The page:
On July 6, 2022, Canada will publish the final Clean Fuel Regulations (CFR) in the Canada Gazette Part II. The CFR imposed progressively strict regulations on gasoline and diesel producers and importers to lower the carbon intensity of their products. Once fully implemented, the CFR will help reduce up to 26.6 million tonnes of greenhouse gas emissions by 2030, which is about the amount of GHGs produced by the whole Canadian economy in two weeks.
The Clean Fuel Standard would compel liquid fossil fuel main providers (i.e., producers and importers) to decrease the carbon intensity of their liquid fossil fuels consumed in Canada compared to 2016 levels.
The carbon intensity reduction requirement will begin in 2022 at 2.4 gCO2e/MJ. It will steadily rise over time, eventually reaching 12 gCO2e/MJ in 2030. To do this, gasoline producers will need to supply customers with creative solutions and new fuel alternatives.
A credit market is established under the Clean Fuel Standard. To meet the reduction criteria, regulated parties (producers and importers of gasoline and diesel) must develop or purchase credits. Parties having a surplus of credits may either bank them for future use or sell them. The Clean Fuel Standard also allows non-regulated companies to generate credits.
The Clean Fuel Standard allows for three methods of generating credits:
Compliance category 1: conducting efforts to lower the carbon intensity of fossil fuels across their entire lifespan (e.g., carbon capture and storage, on-site renewable electricity, co-processing)
Category 2 compliance: providing consumers with low carbon intensity fuels (e.g., ethanol, bio-diesel)
Category 3 compliance: investing in innovative vehicle technology (e.g., electric or hydrogen fuel cell vehicles)
The Canadian government anticipates that the CFR will provide considerable economic possibilities in the development and use of clean fuels and technology.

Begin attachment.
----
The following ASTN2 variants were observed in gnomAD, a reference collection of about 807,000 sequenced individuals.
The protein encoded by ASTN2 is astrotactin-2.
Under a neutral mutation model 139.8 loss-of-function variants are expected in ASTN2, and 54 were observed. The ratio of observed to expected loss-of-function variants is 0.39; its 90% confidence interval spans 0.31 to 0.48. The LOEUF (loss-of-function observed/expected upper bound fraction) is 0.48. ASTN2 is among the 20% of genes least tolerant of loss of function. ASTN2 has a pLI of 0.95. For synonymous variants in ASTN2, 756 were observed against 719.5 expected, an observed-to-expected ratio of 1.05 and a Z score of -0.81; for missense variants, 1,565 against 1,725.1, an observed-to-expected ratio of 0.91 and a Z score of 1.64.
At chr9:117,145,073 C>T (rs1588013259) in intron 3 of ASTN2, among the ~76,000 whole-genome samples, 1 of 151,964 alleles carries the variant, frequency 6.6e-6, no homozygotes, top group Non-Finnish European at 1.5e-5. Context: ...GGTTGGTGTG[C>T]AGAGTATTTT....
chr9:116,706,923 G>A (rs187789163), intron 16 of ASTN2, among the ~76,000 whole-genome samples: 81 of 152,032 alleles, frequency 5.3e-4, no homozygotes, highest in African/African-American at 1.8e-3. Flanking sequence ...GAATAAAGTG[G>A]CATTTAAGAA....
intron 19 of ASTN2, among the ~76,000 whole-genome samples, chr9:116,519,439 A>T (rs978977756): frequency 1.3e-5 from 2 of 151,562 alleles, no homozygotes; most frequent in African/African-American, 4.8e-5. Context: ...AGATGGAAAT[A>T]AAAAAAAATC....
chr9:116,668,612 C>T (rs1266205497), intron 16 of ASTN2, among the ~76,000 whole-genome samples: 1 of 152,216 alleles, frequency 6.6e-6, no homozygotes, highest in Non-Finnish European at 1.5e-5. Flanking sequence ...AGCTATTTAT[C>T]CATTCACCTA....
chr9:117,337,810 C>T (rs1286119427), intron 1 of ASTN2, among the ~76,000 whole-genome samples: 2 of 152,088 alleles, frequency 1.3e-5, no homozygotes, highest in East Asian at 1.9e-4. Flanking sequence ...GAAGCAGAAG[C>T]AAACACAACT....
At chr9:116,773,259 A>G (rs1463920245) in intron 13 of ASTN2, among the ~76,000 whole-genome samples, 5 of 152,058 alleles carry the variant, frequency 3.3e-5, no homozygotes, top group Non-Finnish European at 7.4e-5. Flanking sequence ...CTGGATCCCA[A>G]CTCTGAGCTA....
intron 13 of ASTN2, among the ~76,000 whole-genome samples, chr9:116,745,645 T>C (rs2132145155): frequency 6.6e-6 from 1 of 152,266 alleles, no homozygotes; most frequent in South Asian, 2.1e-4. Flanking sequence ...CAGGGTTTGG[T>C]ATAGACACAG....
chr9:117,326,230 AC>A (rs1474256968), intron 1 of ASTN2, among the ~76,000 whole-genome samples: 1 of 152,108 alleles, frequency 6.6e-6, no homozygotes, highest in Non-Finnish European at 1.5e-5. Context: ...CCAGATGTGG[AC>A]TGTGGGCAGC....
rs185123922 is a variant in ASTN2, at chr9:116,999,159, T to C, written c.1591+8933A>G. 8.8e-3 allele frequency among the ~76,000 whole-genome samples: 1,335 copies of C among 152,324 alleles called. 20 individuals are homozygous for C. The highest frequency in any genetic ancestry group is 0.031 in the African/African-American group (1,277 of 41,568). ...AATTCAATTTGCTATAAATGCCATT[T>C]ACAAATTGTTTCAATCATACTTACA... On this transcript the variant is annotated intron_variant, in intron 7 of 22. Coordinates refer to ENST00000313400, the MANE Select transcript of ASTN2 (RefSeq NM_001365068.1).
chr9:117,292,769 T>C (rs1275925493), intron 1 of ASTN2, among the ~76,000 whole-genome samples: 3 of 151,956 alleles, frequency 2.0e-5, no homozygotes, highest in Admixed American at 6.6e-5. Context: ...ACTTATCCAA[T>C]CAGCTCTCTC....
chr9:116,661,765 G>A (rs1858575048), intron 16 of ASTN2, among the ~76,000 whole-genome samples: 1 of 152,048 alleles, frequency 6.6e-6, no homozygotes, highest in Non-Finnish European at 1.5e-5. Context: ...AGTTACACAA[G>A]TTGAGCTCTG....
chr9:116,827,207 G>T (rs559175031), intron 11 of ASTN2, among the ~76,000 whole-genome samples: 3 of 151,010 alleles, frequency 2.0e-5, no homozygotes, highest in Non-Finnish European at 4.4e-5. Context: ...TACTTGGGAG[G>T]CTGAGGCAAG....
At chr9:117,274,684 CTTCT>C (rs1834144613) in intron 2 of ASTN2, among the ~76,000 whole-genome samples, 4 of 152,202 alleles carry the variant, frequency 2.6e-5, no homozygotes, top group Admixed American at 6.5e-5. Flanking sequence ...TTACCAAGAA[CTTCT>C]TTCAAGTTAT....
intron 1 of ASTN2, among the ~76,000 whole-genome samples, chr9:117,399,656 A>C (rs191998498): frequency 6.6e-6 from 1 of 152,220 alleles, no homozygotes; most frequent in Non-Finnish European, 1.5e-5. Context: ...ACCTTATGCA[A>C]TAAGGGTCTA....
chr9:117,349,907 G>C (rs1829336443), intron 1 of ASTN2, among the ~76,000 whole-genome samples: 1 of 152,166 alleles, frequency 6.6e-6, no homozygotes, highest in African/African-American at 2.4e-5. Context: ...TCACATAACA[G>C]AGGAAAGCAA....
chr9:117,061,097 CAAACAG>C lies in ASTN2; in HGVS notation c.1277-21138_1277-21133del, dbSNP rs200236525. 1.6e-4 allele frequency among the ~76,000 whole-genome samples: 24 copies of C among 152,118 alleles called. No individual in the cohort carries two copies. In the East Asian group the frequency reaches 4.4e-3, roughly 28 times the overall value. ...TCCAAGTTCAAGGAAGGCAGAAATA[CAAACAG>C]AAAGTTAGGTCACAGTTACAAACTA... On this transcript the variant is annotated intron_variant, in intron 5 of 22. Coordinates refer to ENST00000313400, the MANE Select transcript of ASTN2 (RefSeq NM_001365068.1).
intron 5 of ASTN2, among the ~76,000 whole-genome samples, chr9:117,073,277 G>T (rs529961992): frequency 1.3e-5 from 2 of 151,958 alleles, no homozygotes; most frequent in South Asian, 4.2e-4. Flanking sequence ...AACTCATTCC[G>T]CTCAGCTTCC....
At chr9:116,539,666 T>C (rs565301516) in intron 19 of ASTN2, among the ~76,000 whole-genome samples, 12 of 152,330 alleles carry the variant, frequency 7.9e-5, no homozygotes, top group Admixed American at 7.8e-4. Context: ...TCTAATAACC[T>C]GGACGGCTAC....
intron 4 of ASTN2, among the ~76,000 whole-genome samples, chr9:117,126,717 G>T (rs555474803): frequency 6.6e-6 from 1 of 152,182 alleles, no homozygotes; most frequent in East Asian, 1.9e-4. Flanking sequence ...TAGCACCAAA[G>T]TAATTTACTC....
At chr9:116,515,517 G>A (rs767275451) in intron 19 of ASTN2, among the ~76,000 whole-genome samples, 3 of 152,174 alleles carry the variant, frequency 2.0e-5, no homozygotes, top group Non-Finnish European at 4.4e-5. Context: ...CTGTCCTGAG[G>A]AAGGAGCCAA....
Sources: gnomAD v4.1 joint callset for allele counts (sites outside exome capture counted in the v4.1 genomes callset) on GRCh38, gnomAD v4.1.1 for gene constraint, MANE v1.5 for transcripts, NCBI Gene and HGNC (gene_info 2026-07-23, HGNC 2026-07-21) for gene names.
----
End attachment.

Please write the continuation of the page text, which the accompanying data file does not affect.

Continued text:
The Clean Fuel Regulations will be implemented in lieu of the present federal Renewable Fuels Regulations. Canada is taking a similar strategy as British Columbia, California, and Oregon in adopting policies that concentrate on emissions throughout the lifespan of fuels.
In conjunction with the $1.5 billion Clean Fuels Fund established by the Government of Canada, the CFR will offer incentives for increasing domestic production of low-carbon-intensity fuels (such as ethanol). This will open up new business prospects for biofuel feedstock suppliers like farmers and foresters. It will also assist Canadian fuel producers in competing in the rapidly increasing global clean energy market.
The Clean Fuel Regulations, which will work in tandem with pollution pricing and the upcoming oil and gas emissions cap, will also help diversify energy options and promote faster adoption of zero-emission vehicles by incentivizing the deployment of vehicle-charging infrastructure, according to the government.
According to the CFR, about 2.2 billion liters (581 million gallons US) of more low-carbon-intensity diesel and 700 million liters (185 million gallons US) of additional ethanol will be required in 2030.
The Clean Fuels Fund of the Government of Canada will spend $1.5 billion to create new or expand existing clean fuel production plants. The Fund will assist the implementation of the Clean Fuel Regulations as well as the early initiatives identified in the Hydrogen Strategy for Canada.
Source: Green Car Congress